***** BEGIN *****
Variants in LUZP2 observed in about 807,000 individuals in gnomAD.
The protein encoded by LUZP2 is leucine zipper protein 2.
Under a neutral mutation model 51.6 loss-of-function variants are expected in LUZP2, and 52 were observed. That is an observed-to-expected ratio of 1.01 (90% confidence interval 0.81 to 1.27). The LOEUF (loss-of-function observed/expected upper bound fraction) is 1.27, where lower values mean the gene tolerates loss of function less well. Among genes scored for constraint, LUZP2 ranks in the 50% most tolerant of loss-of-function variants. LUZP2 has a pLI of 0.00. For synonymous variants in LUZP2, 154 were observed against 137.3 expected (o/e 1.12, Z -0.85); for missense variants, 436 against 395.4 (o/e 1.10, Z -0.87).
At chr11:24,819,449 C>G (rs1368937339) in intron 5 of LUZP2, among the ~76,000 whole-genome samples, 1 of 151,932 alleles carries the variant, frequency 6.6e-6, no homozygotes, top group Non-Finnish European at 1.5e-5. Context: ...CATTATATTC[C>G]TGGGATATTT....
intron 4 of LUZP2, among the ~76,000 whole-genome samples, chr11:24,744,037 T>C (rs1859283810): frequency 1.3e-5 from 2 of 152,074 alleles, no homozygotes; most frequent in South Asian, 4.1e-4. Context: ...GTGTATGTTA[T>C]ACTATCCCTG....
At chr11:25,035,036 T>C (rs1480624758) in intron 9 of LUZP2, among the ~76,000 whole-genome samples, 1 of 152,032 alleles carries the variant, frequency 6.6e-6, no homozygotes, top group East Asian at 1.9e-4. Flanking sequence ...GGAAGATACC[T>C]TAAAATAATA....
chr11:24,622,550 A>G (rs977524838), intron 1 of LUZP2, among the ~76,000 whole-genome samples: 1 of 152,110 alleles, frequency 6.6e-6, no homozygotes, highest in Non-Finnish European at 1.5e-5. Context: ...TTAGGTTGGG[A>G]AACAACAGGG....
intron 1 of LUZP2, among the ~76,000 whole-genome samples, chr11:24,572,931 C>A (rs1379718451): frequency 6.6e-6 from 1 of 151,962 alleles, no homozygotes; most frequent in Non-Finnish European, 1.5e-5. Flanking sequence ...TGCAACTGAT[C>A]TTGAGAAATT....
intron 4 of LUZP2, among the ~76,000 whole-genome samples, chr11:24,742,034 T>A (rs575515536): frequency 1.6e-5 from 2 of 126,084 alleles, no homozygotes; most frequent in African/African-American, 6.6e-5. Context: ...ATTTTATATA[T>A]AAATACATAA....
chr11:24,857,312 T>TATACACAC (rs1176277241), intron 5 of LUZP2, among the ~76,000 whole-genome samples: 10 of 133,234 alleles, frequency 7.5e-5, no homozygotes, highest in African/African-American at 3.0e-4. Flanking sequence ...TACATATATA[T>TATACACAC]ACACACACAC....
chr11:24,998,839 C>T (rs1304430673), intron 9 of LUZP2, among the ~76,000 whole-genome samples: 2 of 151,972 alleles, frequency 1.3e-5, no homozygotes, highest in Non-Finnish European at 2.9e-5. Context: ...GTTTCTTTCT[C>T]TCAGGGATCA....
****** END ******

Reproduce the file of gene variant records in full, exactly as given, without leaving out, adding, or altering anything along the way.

Variants in LUZP2 observed in about 807,000 individuals in gnomAD.
The protein encoded by LUZP2 is leucine zipper protein 2.
Under a neutral mutation model 51.6 loss-of-function variants are expected in LUZP2, and 52 were observed. That is an observed-to-expected ratio of 1.01 (90% confidence interval 0.81 to 1.27). The LOEUF (loss-of-function observed/expected upper bound fraction) is 1.27, where lower values mean the gene tolerates loss of function less well. Among genes scored for constraint, LUZP2 ranks in the 50% most tolerant of loss-of-function variants. LUZP2 has a pLI of 0.00. For synonymous variants in LUZP2, 154 were observed against 137.3 expected (o/e 1.12, Z -0.85); for missense variants, 436 against 395.4 (o/e 1.10, Z -0.87).
At chr11:24,819,449 C>G (rs1368937339) in intron 5 of LUZP2, among the ~76,000 whole-genome samples, 1 of 151,932 alleles carries the variant, frequency 6.6e-6, no homozygotes, top group Non-Finnish European at 1.5e-5. Context: ...CATTATATTC[C>G]TGGGATATTT....
intron 4 of LUZP2, among the ~76,000 whole-genome samples, chr11:24,744,037 T>C (rs1859283810): frequency 1.3e-5 from 2 of 152,074 alleles, no homozygotes; most frequent in South Asian, 4.1e-4. Context: ...GTGTATGTTA[T>C]ACTATCCCTG....
At chr11:25,035,036 T>C (rs1480624758) in intron 9 of LUZP2, among the ~76,000 whole-genome samples, 1 of 152,032 alleles carries the variant, frequency 6.6e-6, no homozygotes, top group East Asian at 1.9e-4. Flanking sequence ...GGAAGATACC[T>C]TAAAATAATA....
chr11:24,622,550 A>G (rs977524838), intron 1 of LUZP2, among the ~76,000 whole-genome samples: 1 of 152,110 alleles, frequency 6.6e-6, no homozygotes, highest in Non-Finnish European at 1.5e-5. Context: ...TTAGGTTGGG[A>G]AACAACAGGG....
intron 1 of LUZP2, among the ~76,000 whole-genome samples, chr11:24,572,931 C>A (rs1379718451): frequency 6.6e-6 from 1 of 151,962 alleles, no homozygotes; most frequent in Non-Finnish European, 1.5e-5. Flanking sequence ...TGCAACTGAT[C>A]TTGAGAAATT....
intron 4 of LUZP2, among the ~76,000 whole-genome samples, chr11:24,742,034 T>A (rs575515536): frequency 1.6e-5 from 2 of 126,084 alleles, no homozygotes; most frequent in African/African-American, 6.6e-5. Context: ...ATTTTATATA[T>A]AAATACATAA....
chr11:24,857,312 T>TATACACAC (rs1176277241), intron 5 of LUZP2, among the ~76,000 whole-genome samples: 10 of 133,234 alleles, frequency 7.5e-5, no homozygotes, highest in African/African-American at 3.0e-4. Flanking sequence ...TACATATATA[T>TATACACAC]ACACACACAC....
chr11:24,998,839 C>T (rs1304430673), intron 9 of LUZP2, among the ~76,000 whole-genome samples: 2 of 151,972 alleles, frequency 1.3e-5, no homozygotes, highest in Non-Finnish European at 2.9e-5. Context: ...GTTTCTTTCT[C>T]TCAGGGATCA....